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Collecting data on these guys isn’t as easy as you might think…

At this point in my trip to Opta’s HQ, I’m sitting in the hub of live collection. Computers screens are packed into four rows of desks, and after seeing this operation carried out in Opta’s offices in New York, it’s quite a sight to see the Ops in full flow.

“There are three analysts per game, one acts as a checker to make sure the other two are inputting the correct information,” Barrafutti explains. “And they can shout to him if they want something double checked. I did a game a few years ago, with Lars and Sven Bender, twins, both playing central midfield together… checker was doing a lot of work that game.”

Opta’s live matchday analysis really sets them apart from competitors, and every season clubs get together to requests new categories that Ops can enter, hence why the ‘pull back’ and ‘defending corners’ categories are now included.

Furniss, Senior UK football editor, brought me in a cup of tea (in an Opta mug with stats from OptaJoe emblazoned on the mug) during my Opta Ops lesson, and chimed in about how the process is carried out to pick the Ops.

“Every summer, we get a couple of hundred applicants for Opta Opts, maybe two or three get through,” Furniss said. “It’s that hard to do, I couldn’t do it. The same person will do the same team throughout the season to pick up on player traits and become familiar with each player.”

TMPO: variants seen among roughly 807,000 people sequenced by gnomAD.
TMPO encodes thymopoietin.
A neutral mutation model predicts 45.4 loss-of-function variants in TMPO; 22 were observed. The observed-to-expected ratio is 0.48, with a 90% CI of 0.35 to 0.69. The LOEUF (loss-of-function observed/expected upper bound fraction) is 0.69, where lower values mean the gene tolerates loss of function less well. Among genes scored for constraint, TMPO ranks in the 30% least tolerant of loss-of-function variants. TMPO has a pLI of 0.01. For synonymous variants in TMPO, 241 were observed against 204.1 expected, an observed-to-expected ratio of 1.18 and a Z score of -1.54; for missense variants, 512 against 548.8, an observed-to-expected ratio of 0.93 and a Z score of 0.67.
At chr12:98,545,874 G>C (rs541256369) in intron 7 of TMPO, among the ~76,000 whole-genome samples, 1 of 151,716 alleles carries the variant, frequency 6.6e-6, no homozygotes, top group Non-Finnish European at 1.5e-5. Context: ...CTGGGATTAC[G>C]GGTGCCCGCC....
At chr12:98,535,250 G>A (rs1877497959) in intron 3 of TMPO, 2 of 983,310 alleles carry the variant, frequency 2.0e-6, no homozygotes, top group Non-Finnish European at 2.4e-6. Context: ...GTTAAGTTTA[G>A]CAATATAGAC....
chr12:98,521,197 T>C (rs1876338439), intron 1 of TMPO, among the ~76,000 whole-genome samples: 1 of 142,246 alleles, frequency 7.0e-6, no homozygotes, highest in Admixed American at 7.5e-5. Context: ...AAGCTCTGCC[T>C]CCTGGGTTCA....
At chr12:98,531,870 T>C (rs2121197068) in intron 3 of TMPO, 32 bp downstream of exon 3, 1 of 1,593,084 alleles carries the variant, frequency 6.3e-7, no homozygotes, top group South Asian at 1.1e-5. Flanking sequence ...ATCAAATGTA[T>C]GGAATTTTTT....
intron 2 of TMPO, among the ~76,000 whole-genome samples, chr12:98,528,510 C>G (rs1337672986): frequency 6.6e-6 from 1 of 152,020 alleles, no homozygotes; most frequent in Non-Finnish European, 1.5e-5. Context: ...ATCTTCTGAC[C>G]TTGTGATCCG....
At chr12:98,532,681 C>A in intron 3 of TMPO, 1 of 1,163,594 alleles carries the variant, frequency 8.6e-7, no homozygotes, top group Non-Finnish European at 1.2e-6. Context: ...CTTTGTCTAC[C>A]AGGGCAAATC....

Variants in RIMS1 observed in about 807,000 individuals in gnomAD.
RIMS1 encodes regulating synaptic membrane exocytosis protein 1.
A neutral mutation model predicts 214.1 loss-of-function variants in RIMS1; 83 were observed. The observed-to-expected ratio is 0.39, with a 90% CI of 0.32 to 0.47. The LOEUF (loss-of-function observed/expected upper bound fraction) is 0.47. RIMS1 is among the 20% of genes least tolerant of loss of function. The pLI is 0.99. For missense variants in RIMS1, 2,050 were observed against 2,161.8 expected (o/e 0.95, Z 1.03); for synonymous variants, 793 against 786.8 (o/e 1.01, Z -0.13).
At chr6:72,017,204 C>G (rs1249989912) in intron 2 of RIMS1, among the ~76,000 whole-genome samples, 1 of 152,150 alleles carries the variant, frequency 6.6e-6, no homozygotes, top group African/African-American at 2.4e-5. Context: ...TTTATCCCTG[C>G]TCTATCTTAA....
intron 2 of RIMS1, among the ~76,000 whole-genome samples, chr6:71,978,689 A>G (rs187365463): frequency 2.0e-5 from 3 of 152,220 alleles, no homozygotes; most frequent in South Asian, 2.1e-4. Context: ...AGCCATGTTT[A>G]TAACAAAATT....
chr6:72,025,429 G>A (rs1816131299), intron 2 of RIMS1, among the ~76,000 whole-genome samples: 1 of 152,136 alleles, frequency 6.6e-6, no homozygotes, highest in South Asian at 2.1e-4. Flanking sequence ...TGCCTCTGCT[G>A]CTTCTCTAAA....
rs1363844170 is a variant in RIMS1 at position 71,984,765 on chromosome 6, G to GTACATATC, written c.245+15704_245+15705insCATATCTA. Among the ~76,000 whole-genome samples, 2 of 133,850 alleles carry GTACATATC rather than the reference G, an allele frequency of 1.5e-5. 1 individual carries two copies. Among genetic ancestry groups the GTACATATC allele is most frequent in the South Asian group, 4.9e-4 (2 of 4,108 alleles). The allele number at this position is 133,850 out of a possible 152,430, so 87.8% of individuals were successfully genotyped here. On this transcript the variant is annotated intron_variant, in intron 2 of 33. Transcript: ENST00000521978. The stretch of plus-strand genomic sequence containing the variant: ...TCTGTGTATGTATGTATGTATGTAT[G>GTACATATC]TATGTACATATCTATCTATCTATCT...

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This represents the average amount of time, per possession, that each PL team has the ball and allows their opponents the ball. Notice Southampton’s high-pressure approach.

SECRETIVE CLUBS GETTING THE HANG OF IT, FAST

Speaking of clubs, so far, we’ve seen how Opta collects raw data and works with media outlets… but here is the biggest, and perhaps most interesting area of growth in their client base; the professional clubs wanted in.

Hence the birth of OptaPro.

John Coulson, Opta’s head of professional football services, is a quiet and reserved type of character who has overseen the creation of OptaPro in the last 18-months. He spent his formative years working as an analyst for both Middlesbrough and Norwich City and currently liaises with 14 Premier League teams, six Championship sides and over 100 clubs worldwide.

Coulson explains that the ‘Performance Analyst’ began in the early 2000s, as Premier League clubs realized the potential gains of having a fully-fledged analytics team.

“If you go back to the late 90s only three of four clubs were using data to analyze,” Coulson said, raising his eyebrows as we both know that’s not the case today. “And software companies would send stuff [pointing to OptaPro’s expensive software] to football coaches who don’t know how to use a mouse. At most Premier League clubs now you probably have a team of 10-12 analysts. It has exploded very quickly.”

But what do clubs look for when using this data? Numerical values for each position. E.g. a holding midfielder must make x number of forward passes, interceptions per game. Stats are now replacing traditional positions.

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Opta have analyzed every single World Cup game since 1966, so now you can analyze Pele vs. Maradona… for real.

However, the information Opta provides is often frowned upon by many of the older generation of coaches and scouts.